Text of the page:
Though it remains on the books, Colorado’s Amendment 43, like similar laws throughout the country, was nullified this year when the Supreme Court imposed same-sex unions on all states, with its 5-4 ruling in Obergefell v. Hodges.
Catholic Councilman: ‘Equality’ Is the Issue
Denver Councilman Paul Lopez publicly advocated denying the proposed contract of Chick-fil-A over objections to Cathy’s view of traditional marriage. Lopez told fellow council members he had “moral” concerns about doing business with the company. His comments drew support from openly gay Councilwoman Robin Kniech.
No council members spoke in opposition to the concerns raised by Lopez and Kniech. A final decision may come later this summer.
“My problem is not with the company being Christian-based, because I am a faithful Catholic,” Lopez told the Register. “Nor am I trying to infringe on anyone’s First Amendment right. But we have a large LGBT (lesbian, gay, bisexual and transgender) community in Denver, and I fight for their equality.”
Lopez said God is love, “and the best thing you can do to be a good Catholic is to love one another.”
But Catholic teaching strictly forbids same-sex “marriage” or any form of same-sex sexual relations. Homosexual attraction is not a sin, based on Church teaching, but acting on it violates divine and natural law, according to the Catechism of the Catholic Church.
“The Catholic teaching on same-sex marriage bothers me a little bit,” Lopez explained. “Pope Francis has made it clear that love is what rules all, and he has come out with a more open-minded and worldly approach, and that makes me feel a lot better about where the Church may be heading.”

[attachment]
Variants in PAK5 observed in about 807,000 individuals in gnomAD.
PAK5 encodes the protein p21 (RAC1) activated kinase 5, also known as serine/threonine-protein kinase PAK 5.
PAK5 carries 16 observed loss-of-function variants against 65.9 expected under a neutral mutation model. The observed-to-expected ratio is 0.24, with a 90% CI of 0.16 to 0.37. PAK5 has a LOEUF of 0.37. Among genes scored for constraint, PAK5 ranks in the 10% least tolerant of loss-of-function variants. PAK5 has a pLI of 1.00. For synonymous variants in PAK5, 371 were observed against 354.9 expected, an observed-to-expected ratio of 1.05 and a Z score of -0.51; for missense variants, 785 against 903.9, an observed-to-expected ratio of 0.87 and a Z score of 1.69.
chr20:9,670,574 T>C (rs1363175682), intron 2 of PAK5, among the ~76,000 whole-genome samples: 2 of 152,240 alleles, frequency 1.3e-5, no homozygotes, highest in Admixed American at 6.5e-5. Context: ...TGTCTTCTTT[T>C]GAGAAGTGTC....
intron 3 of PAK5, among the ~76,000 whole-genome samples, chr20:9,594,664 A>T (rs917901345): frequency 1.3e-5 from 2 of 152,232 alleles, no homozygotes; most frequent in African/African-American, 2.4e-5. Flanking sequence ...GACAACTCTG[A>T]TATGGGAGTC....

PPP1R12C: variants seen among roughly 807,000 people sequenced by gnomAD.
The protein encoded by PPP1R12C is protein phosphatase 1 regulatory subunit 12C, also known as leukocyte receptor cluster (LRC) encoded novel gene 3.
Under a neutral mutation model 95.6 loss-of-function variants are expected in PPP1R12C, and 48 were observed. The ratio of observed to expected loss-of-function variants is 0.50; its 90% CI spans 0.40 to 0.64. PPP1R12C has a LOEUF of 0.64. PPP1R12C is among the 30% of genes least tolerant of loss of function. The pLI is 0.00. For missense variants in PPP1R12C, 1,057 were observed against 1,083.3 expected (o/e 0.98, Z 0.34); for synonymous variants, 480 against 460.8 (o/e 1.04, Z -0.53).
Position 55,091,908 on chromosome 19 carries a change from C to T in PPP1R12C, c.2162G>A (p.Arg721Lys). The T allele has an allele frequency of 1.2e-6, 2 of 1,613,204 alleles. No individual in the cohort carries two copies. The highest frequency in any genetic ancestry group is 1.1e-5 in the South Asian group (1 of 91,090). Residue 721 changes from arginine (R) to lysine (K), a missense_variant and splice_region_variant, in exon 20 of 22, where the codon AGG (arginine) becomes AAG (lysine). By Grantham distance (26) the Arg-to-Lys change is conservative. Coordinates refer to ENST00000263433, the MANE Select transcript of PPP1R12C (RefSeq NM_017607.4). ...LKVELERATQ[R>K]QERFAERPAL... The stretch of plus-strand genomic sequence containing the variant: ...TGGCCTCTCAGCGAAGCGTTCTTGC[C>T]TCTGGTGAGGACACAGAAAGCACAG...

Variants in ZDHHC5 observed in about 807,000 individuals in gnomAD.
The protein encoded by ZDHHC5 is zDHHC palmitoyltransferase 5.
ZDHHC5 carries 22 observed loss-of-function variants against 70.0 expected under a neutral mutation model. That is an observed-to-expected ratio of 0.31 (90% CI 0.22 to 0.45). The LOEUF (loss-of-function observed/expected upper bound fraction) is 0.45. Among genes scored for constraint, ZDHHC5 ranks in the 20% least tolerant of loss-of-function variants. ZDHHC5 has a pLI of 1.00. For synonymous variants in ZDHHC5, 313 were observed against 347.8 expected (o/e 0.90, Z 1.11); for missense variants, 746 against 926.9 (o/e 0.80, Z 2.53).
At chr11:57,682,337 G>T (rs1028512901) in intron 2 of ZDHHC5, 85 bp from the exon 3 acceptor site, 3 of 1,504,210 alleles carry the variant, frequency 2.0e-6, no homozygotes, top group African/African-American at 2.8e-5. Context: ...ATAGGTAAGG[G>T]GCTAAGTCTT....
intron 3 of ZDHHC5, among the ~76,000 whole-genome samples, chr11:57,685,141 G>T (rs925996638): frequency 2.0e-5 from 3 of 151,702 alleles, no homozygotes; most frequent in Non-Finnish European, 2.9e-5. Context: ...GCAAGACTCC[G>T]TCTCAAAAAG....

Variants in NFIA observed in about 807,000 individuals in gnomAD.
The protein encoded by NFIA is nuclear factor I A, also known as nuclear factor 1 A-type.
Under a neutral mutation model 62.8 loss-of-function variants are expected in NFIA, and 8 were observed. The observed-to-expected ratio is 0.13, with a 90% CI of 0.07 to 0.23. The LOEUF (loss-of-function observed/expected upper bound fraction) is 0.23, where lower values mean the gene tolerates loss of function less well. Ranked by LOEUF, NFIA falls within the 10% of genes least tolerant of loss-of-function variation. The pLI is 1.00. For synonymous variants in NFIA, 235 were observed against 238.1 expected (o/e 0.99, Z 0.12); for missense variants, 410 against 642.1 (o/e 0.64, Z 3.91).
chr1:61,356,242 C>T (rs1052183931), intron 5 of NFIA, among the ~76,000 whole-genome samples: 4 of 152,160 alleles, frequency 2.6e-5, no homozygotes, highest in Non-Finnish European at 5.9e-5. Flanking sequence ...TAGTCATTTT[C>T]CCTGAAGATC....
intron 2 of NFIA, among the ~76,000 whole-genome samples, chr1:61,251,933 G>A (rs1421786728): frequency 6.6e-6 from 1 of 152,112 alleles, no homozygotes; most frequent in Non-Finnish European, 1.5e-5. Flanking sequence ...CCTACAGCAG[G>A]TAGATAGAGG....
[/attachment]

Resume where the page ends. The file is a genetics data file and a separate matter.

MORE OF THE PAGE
But Kopel, who is also Catholic, said papal lectures, encyclicals and sound bites are often misinterpreted or deliberately misused by progressives who want the Church to accommodate new agendas (in fact, Pope Francis recently has spoken specifically against efforts to redefine marriage). None of that, Kopel said, alters Church doctrine.
Likewise, Kopel said, the city politicians cannot change federal law to suit modern political tides.
“A small, fascistic minority within the gay-rights movement seems to have disproportional political influence in trying to suppress the thoughts and beliefs of everyone else,” Kopel told the Register. “We are seeing that some politicians are happy to appease them.”
Worrisome for Catholics
Kopel said Catholics should worry if Denver politicians manage to get away with banning Chick-fil-A because of the top executive’s words and convictions. Anyone who donates to the Catholic Church, he pointed out, financially supports an organization that opposes same-sex “marriage,” abortion and contraception. None of those positions ingratiate the Church with politicians promoting opposite views.
“If they can do this, county commissioners somewhere in Colorado can stop a public contract with New Belgium Brewing Company because it opposes fracking,” Kopel said. “This type of political activism ... could lead to all sorts of abuses that infringe on basic liberty.”
And even Dignity/Denver, which bills itself as an organization for gay, lesbian, bisexual and transgender Catholics and promotes homosexual rights and same-sex “marriage,” has not rushed to support council members who would stop Chick-fil-A.
“We realize the whole issue is extremely complex,” said Terry Mischel, spokesman for the group. “We appreciate that the issue is being discussed and examined, but it does deal with the issue of rights of individuals and organizations to exercise their First Amendment protections.”
Register correspondent Wayne Laugesen writes from Colorado.